Artists, athletes and entertainers all know that the best way to become the best at what you do is to practice as often as you can. Why shouldn’t video producers do the same?
A lot of people buy or upgrade their camcorders for a specific event — aunt Marge finally marrying that deadbeat she's been living with, cousin Leo's soccer championship, that documentary about local chess players you're finally going to make… This is a Good Thing. People should buy camcorders, and they should capture important moments with them. What you should not do is use these irreplaceable moments to learn how to use your equipment. Just like no boxer in his right mind would get into the ring without training first, no videographer should use important events to practice.
In ye olde days, back when televisions had only five channels and people made movies on Super 8 film, practice was expensive. With video, practice is free. So, take a few hours this weekend to try out these camera maneuvers, so that when your big day comes, you'll be an old hand.
Setup and Breakdown
This is monumentally important if you're doing location shooting with lights. You should pack your equipment the same way every time: cords in the same compartments, batteries in the same places, light stands and tripods all squared away. Practice packing, then unpacking and setting up. This includes things like getting your camera on the tripod's quick-release plate (if you have one). It's okay to look like you have no idea what you're doing in your living room — just be sure that you look like a pro by the time you get to your location.
Tilt, Pan, and Zoom
A good camera operator should be able to tilt, pan, and zoom while maintaining control of the camera. This is one of the most difficult operations you ever need to do. For this exercise, put a piece of masking tape diagonally across a wall. Start from a wide shot at the uppermost point of the masking tape, then, in one smooth move, tilt and pan down the length of the tape while zooming in. Your camera should be fully zoomed in precisely as you come to the end of the tape and your speed should be consistent throughout. This is harder than it looks.
Truck and Dolly
Trucking and dollying are two very common camera moves. "Trucking" means moving towards the subject, "Dollying" is lateral motion. In Hollywood, these are done with the camera mounted on tracks with a crew of people pushing the camera operator and a $100,000 Panavision camera. In the real world, your feet would most likely be your dolly or truck pedestal. Practice holding the camera steady while walking straight at your subject, then straight back. Then practice walking sideways, videotaping your subjects as they walk in a straight line (imagine you're in the press pool trying to get video footage of a celebrity walking into court). Be careful of where you're walking–don't trip! Many professional camera people have a "grip" or production assistant holding onto their belt and shoulder, watching to make sure the camera operator doesn't fall off a curb.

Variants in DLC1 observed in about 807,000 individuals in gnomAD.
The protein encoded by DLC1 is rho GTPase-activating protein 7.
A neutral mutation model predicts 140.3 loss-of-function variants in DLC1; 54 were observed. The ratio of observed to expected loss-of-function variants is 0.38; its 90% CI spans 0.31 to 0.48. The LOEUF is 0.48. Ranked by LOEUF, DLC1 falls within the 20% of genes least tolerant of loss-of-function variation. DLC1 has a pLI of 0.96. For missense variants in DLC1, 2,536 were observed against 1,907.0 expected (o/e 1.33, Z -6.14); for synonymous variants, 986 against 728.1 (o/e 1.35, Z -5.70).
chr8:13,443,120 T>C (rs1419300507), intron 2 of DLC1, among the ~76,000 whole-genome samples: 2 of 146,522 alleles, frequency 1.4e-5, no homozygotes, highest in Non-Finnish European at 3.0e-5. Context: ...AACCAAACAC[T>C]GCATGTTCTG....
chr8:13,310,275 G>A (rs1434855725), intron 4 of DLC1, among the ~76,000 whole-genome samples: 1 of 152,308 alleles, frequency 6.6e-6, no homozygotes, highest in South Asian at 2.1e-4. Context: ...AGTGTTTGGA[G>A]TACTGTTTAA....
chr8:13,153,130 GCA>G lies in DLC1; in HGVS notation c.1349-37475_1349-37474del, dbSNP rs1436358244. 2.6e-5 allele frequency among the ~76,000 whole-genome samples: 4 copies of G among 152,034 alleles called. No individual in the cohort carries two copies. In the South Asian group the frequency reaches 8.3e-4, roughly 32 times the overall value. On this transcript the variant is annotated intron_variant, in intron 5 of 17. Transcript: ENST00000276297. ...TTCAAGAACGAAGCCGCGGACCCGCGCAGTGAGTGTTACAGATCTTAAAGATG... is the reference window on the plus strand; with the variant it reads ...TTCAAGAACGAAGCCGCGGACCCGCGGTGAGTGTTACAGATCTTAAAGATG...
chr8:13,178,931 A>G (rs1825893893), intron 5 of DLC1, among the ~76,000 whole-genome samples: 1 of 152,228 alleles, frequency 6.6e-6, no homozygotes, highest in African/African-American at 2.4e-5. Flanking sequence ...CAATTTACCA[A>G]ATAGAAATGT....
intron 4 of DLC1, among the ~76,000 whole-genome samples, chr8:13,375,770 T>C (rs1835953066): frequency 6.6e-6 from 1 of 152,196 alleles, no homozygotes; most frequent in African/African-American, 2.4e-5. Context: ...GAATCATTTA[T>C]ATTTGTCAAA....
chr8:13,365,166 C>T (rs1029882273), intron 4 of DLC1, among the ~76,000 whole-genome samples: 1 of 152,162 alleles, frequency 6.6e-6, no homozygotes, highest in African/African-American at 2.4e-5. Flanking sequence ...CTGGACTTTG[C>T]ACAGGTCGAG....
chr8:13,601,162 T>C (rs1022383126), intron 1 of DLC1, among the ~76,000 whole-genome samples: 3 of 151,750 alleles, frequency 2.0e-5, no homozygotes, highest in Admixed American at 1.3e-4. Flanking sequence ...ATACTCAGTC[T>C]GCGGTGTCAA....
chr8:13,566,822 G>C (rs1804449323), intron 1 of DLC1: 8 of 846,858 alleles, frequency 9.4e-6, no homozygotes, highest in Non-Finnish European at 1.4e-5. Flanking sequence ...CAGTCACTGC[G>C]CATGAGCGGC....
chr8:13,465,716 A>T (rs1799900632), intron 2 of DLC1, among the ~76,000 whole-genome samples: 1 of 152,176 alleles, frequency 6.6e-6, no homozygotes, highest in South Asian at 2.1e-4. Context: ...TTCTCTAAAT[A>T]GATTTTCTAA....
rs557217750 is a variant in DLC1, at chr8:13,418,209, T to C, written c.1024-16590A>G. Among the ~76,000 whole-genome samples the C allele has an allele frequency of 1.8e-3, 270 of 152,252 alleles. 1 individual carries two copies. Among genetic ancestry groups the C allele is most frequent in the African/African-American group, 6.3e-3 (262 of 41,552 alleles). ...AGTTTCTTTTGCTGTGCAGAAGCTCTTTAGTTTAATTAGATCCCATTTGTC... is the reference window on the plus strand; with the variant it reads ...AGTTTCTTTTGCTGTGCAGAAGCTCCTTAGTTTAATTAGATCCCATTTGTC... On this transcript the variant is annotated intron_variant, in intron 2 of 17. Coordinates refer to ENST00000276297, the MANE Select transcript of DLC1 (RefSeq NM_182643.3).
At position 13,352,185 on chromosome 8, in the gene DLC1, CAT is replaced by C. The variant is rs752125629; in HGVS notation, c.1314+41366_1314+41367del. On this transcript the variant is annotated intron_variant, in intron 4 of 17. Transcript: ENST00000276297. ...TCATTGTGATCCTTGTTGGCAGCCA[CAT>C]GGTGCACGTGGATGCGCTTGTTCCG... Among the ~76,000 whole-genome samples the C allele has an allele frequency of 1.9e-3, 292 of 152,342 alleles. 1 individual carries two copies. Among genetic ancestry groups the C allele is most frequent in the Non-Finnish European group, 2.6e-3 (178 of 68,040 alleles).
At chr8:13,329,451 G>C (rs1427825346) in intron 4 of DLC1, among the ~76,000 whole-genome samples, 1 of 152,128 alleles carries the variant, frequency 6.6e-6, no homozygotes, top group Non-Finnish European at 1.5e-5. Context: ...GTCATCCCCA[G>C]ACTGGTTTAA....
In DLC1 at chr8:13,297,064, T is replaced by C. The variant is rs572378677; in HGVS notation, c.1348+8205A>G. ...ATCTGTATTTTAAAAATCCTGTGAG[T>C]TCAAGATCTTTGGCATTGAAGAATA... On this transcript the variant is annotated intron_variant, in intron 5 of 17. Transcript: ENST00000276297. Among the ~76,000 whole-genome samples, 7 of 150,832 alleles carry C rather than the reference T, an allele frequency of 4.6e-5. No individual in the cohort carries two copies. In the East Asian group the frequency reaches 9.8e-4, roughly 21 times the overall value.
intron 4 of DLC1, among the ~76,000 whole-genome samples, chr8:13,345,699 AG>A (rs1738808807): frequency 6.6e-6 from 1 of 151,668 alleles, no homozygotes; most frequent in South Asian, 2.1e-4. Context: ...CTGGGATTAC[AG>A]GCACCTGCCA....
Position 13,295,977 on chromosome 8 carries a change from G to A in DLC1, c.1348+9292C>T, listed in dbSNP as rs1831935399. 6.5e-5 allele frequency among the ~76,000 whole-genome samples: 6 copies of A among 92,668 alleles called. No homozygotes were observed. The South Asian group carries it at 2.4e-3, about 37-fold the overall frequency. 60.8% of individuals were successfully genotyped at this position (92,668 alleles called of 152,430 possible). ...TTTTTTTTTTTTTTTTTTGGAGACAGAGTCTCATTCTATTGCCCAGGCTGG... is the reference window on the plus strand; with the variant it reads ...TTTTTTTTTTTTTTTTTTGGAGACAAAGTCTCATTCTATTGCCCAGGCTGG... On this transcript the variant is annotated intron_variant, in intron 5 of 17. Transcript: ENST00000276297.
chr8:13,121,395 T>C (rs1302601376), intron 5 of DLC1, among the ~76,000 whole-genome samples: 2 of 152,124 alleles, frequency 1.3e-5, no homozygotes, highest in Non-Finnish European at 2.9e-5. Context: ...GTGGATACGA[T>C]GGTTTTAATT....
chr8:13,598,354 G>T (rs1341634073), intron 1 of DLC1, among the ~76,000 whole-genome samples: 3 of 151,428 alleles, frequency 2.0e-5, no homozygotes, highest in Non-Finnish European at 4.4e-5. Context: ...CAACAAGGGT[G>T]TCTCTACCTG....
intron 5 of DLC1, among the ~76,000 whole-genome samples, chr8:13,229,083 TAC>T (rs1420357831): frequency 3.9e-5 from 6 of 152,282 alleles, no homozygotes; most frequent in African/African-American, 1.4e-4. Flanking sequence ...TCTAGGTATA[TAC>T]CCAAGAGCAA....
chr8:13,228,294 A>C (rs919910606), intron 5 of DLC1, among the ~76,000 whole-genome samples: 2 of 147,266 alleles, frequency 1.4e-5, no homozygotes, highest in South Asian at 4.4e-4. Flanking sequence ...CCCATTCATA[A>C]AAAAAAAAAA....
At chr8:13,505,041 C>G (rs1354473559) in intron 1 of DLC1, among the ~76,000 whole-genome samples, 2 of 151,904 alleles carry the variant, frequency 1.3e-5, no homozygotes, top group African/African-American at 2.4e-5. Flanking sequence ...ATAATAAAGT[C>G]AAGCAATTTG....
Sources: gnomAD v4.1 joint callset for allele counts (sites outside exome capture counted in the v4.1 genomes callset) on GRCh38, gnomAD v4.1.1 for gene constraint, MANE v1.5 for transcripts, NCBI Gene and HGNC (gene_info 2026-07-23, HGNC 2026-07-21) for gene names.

Changing Tapes and Batteries
Tapes and batteries run out at the most inopportune moments. While you are expected to be constantly vigilant and have an eye on these things, sometimes the inevitable occurs and you find yourself with a flashing "end tape" symbol in front of the bride's face as she says "I do." Many professional camera people wear belts or vests with plenty of pockets — these are for storing frequently used items like pens, business cards, batteries and videotapes. Whether you're using a vest or a camera bag, it's important to keep your spent tapes and batteries in one place and your fresh tapes and batteries in another and always keep them in the same place, and keep them with you. Reaching for a new tape and putting away an old one is something you have to be able to do with your eyes closed. The same goes with batteries.
Test New Equipment
Never use new, untested equipment for the first time on an important shoot. Make sure you understand the recording modes, white balance controls, battery life issues, and menus long before that special day. There's no feeling quite like the one sinking in the pit of your stomach when you realize that you recorded the whole graduation with the "posterize" special effect on, or in 160 x 100 resolution.
Don't Waste Your Effort
Just because you're practicing doesn't mean it has to be an exercise in stodgy academics. There's no reason why it can't be fun and useful. Enlist the help of friends and family–practice your techniques while making a video letter for someone who lives far away, or incorporate your techniques in a family video scrapbook. Dolly left with mom while she shops for fruit at the farmers' market, truck in as she finds the perfect pear. Tilt, pan, and zoom through Olivia's stuffed animal collection. Perform a rapid-fire tape and battery change while Sawyer blurts out his recitation of "The Charge of the Light Brigade." Who knows? In ten years, you may find that your practice tape is as exciting to watch as the event you were practicing for.
Your work as a videographer will improve every year. The more productions you have under your belt, the easier it will be for you to produce quality work. Informal productions–in the form of practice–count heavily towards your experience because they allow you the luxury to repeat difficult tasks with no pressure and no penalty for failure. Taking the time to practice will allow you to avoid costly or embarrassing mistakes during critical events.
Kyle Cassidy is a visual artist who writes extensively about technology.